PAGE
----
‘Yes’ culture: encouraging creative disagreement
Is a culture of people who always say ‘Yes’ endemic to an industry like (re)insurance and, if so, does it stifle creativity and potentially lead to harm?
In a report from Deloitte, published in April 2020, the consultancy firm outlined five leadership qualities that it suggested would help insurance industry CEOs reduce the impact of the Covid-19 pandemic on their organisations and help them to emerge stronger into the post-Covid world.
While emphasising the importance of empathy and compassion to resilient leadership, the Deloitte report also argued for an approach that, in some respects, is strongly indicative of encouraging a compliant ‘yes’ culture where rapid, hierarchically-led action takes precedence.
For example, one of the suggested characteristics is to “Aim for speed over elegance”. “Resilient leaders take decisive action - with courage - based on imperfect information, knowing that expediency is essential,” the report said.
At the same time, Deloitte suggested, leaders should: “Embrace the long view: How are you anticipating and responding to the new business models likely to emerge”, which, in encouraging the importance of long-term adaptability, hints at need for responsiveness to alternative, regenerative ideas.
As business leaders seek to lead their organisations through this crisis, some may be at a loss where to place ‘yes’ culture in the current paradigm – wanting whole agreement and speed while theoretically appreciating challenge, but uncertain about how to cultivate richer, manageable alternatives.
Hierarchy and ‘yes’ culture
Hierarchical ‘yes’ culture has long been at the core of the financial services sector and is a part of the insurance industry’s cultural legacy. Agreeability and hierarchy are arguably inextricable; each propagating the other.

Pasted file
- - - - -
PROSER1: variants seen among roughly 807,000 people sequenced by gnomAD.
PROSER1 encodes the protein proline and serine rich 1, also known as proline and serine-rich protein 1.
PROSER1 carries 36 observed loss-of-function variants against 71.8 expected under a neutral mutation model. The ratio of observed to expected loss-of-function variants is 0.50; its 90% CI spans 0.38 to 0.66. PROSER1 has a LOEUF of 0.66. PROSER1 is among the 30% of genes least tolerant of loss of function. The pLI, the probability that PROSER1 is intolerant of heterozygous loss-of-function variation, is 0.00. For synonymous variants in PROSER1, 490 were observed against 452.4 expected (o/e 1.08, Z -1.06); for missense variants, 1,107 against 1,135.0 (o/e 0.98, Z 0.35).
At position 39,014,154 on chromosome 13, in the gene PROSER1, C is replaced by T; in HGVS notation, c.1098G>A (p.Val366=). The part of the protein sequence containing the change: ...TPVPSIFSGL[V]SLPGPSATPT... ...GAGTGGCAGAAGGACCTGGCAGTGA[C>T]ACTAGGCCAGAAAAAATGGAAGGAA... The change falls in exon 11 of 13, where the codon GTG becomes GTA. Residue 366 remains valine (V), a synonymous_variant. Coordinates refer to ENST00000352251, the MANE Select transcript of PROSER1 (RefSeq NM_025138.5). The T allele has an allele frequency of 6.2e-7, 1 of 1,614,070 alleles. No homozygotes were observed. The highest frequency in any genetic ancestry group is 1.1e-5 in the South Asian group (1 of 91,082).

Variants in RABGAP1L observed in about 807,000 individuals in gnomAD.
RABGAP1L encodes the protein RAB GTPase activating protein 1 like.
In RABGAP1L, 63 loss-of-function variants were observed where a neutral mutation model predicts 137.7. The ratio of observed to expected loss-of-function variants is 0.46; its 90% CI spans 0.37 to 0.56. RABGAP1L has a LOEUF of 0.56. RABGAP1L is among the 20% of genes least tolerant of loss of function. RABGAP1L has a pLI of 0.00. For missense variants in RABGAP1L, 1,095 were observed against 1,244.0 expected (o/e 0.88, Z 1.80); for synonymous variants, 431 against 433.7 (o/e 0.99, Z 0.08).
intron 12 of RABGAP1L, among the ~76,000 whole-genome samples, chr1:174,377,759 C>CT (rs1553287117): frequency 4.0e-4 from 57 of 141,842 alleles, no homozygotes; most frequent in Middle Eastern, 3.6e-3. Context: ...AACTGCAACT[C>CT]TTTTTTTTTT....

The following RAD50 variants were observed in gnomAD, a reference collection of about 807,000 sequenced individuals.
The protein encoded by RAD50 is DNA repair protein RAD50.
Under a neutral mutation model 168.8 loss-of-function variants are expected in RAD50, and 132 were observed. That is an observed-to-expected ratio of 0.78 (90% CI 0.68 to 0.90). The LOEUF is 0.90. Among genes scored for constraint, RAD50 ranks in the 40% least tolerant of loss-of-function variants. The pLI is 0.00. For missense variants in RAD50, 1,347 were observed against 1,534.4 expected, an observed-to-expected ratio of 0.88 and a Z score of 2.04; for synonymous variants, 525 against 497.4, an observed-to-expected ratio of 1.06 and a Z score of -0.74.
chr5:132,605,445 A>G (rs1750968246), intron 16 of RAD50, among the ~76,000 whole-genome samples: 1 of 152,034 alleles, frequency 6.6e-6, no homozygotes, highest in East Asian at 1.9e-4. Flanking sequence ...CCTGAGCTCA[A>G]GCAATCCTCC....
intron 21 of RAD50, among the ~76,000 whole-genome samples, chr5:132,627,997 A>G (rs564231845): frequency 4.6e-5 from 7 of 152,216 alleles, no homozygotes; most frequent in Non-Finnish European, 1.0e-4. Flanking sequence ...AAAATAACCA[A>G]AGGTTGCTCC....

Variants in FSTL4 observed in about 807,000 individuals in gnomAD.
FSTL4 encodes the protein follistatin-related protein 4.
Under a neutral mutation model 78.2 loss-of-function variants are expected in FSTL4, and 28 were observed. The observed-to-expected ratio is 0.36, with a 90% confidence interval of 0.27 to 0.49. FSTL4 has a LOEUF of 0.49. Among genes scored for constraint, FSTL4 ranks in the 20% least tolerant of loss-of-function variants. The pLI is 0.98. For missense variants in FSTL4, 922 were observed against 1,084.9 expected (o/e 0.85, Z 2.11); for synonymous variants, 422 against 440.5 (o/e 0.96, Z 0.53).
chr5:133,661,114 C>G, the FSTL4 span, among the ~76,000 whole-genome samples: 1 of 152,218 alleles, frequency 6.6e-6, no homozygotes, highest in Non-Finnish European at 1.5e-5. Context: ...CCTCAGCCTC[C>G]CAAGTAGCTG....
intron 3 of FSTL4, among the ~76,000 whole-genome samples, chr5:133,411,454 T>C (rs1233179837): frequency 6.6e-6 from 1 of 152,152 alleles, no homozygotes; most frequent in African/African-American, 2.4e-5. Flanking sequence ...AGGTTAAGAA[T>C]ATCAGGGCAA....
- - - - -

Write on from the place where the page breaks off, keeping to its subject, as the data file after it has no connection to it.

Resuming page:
Encouraging blanket agreeability towards leadership decisions creates an impression that saying ‘yes’ will not only be rewarded but is aligned with a range of staff motivational factors – career advancement, increased pay or prestige – and so compliant cultures inevitably flourish.
In addition, now more than ever, employees may be searching for security through agreeability. Safety can be experienced in cross-hierarchical agreeability (i.e., knowing that you are doing as directed or suggested) in these uncertain times. However, this overwrites another need – whereby talent wants and needs decision-making autonomy in order to develop in their careers.
Changing times drive the need for adaptivity and creativity, and both leaders and employees feel this stressor. Affordances to change are appearing throughout insurance sector hierarchies in the form of the growing adoption of insurtech tools - from climate risk prediction software, to motor insurance telemetrics and the increasingly intelligent computer modelling informing statistical analysis.
As James Banasik, CEO of MetSwift (the winner of sister company Insurance Insider’s ‘Best Use of Artificial Intelligence in Underwriting’ category at the 2019 Tech & Innovation Awards) states: “Despite appearing as a cultural shift, insurtech adoption can be cited as an example of agreeability, enabling more informed decision-making through lack of resistance to leadership-driven change. As creative adoption of insurtech is typically pitched to and led by an organisation’s leaders, it can exclude staff at other lower levels.”
‘Yes’ cultures can signal a recalcitrance towards change that, in turn, stifles process improvement and can lead to poor decision-making, while preserving a comfortable organisational status quo. Creative, authentic employees may bite their tongue if a repressive ‘yes’ culture is engendered.
Another of the five leadership qualities cited in the Deloitte report states that leaders should “Design from the heart…and the head” and “seek and reinforce solutions that align to your purpose, your societal obligations, and serve the heart of the organisation”.
“How are you demonstrating to your employees, customers, communities and ecosystem that you have their best interests at heart?” the report asks.